Why? In snapdragons neither red nor white is completely dominant; therefore, in a heterozygous flower both alleles express themselves, resulting in a pink color. ..
In incomplete dominance, only one allele is expressed. The pink color of a snapdragon is not the result of one allele making a red color and one allele making a white color. It's the result of one allele that makes a red color, but in different amounts depending on how many copies of the allele are present. If there are two copies, a lot of red is made and the plant looks red. If there's one copy, then not as much red is produced, and the plant looks pink. The confusion that results from this flawed explanation would not be terribly bad, were it not for the fact that the book goes on to compound the error on the next page, when they discuss codominance:
Codominance occurs when two alleles for a gene are both expressed in a heterozygous offspring. This may sound the same as incomplete dominance, but there is a distinct difference. In incomplete dominance, there is a blending of the characteristics in the heterozygous offspring - red + white = pink. In codominance, both alleles are expressed with no blending. For example, hair color in many mammals is a codominant characteristic. If a horse that is homozygous for red hair is crossed with one homozygous for white, a color pattern termed roan - white hairs intermingled with red hairs - is produced...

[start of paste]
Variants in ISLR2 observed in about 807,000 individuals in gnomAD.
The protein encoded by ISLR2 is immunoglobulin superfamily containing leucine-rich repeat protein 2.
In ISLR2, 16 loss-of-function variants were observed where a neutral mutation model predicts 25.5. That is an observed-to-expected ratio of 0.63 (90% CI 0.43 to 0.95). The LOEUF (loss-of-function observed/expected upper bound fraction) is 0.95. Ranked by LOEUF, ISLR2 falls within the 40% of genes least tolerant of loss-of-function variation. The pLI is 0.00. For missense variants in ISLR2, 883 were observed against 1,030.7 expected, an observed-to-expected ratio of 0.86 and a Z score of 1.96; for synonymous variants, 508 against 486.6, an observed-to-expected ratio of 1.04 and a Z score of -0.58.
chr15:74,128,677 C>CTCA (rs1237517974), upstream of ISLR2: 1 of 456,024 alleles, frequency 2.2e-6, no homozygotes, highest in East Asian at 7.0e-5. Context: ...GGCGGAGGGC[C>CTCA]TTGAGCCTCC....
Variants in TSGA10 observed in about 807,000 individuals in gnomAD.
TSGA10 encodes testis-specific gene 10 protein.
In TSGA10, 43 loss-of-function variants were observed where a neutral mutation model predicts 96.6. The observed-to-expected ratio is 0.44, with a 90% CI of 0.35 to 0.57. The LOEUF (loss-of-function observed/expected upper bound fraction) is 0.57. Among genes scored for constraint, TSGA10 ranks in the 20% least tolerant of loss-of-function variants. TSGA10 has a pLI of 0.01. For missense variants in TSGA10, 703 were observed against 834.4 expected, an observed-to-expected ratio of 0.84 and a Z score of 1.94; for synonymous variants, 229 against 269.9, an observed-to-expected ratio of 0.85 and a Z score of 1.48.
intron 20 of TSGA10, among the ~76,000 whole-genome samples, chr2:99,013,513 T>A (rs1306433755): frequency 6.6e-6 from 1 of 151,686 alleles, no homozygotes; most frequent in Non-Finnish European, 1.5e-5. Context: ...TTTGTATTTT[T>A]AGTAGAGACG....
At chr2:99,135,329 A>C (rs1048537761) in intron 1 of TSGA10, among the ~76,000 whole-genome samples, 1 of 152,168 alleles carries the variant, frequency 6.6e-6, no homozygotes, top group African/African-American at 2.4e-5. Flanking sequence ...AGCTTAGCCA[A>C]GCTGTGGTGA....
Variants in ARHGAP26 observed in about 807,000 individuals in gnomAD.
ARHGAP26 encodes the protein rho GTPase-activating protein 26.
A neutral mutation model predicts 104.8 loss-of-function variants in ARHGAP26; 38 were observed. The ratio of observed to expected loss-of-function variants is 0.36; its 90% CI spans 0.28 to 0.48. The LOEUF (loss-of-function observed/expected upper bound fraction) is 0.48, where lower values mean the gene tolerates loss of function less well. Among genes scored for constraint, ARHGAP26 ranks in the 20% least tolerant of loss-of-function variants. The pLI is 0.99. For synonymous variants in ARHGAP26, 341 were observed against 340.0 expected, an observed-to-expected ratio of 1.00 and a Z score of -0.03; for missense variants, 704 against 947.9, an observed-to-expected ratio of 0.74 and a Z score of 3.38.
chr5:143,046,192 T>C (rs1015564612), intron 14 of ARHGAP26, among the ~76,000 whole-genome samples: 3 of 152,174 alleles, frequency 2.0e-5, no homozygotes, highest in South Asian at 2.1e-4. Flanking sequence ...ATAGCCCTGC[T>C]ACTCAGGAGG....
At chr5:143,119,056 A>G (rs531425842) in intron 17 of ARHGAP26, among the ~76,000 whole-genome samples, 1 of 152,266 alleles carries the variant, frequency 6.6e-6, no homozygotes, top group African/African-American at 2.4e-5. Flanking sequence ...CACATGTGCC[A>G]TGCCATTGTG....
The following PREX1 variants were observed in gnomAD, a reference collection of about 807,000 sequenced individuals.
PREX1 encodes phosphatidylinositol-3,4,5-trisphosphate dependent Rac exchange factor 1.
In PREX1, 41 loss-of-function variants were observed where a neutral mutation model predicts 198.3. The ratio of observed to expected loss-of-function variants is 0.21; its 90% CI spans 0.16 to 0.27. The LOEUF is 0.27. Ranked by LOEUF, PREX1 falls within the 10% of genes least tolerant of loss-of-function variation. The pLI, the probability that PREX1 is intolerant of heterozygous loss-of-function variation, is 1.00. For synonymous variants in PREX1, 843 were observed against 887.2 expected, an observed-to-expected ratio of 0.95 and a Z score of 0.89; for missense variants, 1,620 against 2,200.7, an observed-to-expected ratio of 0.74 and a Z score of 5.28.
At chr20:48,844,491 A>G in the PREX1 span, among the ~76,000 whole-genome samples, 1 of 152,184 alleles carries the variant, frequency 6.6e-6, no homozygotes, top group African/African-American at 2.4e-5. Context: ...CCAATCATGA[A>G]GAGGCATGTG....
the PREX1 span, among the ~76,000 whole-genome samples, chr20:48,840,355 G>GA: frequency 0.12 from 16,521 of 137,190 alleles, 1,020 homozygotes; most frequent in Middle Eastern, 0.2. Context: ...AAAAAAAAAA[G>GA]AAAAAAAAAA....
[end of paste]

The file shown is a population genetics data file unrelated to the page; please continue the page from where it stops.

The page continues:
To begin with, had they defined "incomplete dominance" correctly, it would not sound the same as the definition for codominance. They compound the confusion by bringing "blending" into the picture. It's possible for codominance to result in intermediate appearances. It also makes it harder for them to explain why the A and B blood groups are codominant instead of incompletely dominant, when they cover that a couple of pages down the line.
That concludes our lineup for the moment. Comment to your hearts' content.